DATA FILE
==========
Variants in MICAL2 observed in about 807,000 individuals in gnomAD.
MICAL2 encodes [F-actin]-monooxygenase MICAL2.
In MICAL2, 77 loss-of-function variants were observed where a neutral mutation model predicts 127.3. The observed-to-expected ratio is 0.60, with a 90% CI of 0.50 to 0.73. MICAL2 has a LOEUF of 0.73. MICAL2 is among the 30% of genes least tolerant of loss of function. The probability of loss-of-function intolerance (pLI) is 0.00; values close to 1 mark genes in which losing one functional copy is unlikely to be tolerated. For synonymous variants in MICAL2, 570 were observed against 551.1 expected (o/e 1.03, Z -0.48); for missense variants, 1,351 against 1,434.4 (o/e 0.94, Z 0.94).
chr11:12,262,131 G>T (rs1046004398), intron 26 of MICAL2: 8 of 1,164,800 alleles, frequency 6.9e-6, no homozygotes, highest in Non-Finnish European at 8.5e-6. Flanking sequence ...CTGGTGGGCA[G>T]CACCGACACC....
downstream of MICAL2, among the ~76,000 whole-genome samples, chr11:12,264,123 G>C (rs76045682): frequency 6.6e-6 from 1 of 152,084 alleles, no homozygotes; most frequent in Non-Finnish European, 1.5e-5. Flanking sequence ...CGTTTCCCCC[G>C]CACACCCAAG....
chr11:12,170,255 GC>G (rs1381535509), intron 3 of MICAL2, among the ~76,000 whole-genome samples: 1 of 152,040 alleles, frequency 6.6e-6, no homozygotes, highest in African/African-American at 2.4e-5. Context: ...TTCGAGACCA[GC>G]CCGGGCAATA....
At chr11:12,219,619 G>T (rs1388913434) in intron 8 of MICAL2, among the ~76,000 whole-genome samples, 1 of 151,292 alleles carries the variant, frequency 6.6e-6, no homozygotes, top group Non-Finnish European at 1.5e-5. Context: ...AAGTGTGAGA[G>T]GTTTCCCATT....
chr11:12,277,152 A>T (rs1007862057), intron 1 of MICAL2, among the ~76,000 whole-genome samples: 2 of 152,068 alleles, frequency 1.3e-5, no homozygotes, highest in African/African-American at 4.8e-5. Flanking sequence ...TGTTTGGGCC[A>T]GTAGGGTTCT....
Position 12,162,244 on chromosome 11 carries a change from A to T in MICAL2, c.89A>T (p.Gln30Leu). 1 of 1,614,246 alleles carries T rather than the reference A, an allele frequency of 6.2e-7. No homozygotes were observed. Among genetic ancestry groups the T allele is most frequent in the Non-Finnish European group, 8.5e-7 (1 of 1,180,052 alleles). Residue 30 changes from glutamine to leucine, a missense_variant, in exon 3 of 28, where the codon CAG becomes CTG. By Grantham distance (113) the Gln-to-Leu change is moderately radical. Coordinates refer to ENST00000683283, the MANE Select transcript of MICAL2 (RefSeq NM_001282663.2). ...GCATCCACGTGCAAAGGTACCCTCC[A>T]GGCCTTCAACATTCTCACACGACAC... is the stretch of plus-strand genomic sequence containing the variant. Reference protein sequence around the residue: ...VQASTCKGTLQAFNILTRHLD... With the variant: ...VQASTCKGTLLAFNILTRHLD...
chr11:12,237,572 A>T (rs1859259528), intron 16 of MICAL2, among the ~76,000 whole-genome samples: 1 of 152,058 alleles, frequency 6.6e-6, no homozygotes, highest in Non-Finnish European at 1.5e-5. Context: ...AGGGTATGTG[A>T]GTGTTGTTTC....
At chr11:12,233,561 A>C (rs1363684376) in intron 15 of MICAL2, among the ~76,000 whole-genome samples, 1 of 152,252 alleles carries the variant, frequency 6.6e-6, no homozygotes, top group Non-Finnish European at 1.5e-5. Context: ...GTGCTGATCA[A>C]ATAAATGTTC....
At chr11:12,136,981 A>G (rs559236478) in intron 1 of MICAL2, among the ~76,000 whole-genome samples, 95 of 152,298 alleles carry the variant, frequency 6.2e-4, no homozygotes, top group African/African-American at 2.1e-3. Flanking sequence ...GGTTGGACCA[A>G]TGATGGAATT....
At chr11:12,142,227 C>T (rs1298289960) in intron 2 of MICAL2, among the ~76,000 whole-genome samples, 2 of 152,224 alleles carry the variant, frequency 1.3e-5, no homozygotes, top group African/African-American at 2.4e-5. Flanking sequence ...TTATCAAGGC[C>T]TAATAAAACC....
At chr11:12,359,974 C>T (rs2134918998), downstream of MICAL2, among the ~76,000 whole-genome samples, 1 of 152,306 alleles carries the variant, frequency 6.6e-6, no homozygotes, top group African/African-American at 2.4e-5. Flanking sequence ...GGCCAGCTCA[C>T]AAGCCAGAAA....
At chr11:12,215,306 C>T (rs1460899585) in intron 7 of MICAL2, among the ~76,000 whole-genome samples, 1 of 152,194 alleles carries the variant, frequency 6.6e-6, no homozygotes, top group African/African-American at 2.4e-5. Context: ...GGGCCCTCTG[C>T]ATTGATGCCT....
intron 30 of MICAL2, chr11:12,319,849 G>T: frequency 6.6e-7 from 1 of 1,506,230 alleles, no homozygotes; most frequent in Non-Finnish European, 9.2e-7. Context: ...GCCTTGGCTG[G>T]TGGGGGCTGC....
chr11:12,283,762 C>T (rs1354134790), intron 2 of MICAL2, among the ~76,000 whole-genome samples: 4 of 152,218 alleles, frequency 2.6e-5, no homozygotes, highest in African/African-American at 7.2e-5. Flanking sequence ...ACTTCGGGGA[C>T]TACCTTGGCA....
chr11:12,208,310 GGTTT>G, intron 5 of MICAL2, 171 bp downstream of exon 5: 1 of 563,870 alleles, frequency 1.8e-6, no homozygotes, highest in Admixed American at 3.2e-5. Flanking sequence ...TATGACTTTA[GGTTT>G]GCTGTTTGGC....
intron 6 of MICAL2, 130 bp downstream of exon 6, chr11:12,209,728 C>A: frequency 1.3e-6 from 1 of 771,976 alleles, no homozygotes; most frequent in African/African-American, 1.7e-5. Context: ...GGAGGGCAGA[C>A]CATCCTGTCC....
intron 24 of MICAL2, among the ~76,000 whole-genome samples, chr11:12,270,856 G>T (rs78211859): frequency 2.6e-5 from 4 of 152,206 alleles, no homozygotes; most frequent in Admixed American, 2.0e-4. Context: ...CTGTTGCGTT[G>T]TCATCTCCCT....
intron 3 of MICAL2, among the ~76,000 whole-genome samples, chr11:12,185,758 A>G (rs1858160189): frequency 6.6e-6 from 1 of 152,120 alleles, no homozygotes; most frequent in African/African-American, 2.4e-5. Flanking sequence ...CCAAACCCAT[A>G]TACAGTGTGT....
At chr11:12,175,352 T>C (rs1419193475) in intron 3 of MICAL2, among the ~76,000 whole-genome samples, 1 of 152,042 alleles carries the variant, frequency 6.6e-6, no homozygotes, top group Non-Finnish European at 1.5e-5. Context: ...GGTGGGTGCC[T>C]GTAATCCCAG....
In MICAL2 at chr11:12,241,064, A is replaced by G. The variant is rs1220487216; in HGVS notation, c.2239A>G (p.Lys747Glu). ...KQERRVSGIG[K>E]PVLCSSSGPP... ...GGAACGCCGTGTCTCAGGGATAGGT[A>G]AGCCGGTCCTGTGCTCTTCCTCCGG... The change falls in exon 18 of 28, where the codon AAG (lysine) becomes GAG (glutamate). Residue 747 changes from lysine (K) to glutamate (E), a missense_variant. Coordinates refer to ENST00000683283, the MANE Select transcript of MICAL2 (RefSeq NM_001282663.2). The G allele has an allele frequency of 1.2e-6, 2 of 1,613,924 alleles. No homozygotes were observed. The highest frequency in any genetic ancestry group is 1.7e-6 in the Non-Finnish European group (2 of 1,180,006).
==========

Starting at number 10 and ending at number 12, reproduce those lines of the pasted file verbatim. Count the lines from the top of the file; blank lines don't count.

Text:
chr11:12,237,572 A>T (rs1859259528), intron 16 of MICAL2, among the ~76,000 whole-genome samples: 1 of 152,058 alleles, frequency 6.6e-6, no homozygotes, highest in Non-Finnish European at 1.5e-5. Context: ...AGGGTATGTG[A>T]GTGTTGTTTC....
At chr11:12,233,561 A>C (rs1363684376) in intron 15 of MICAL2, among the ~76,000 whole-genome samples, 1 of 152,252 alleles carries the variant, frequency 6.6e-6, no homozygotes, top group Non-Finnish European at 1.5e-5. Context: ...GTGCTGATCA[A>C]ATAAATGTTC....
At chr11:12,136,981 A>G (rs559236478) in intron 1 of MICAL2, among the ~76,000 whole-genome samples, 95 of 152,298 alleles carry the variant, frequency 6.2e-4, no homozygotes, top group African/African-American at 2.1e-3. Flanking sequence ...GGTTGGACCA[A>G]TGATGGAATT....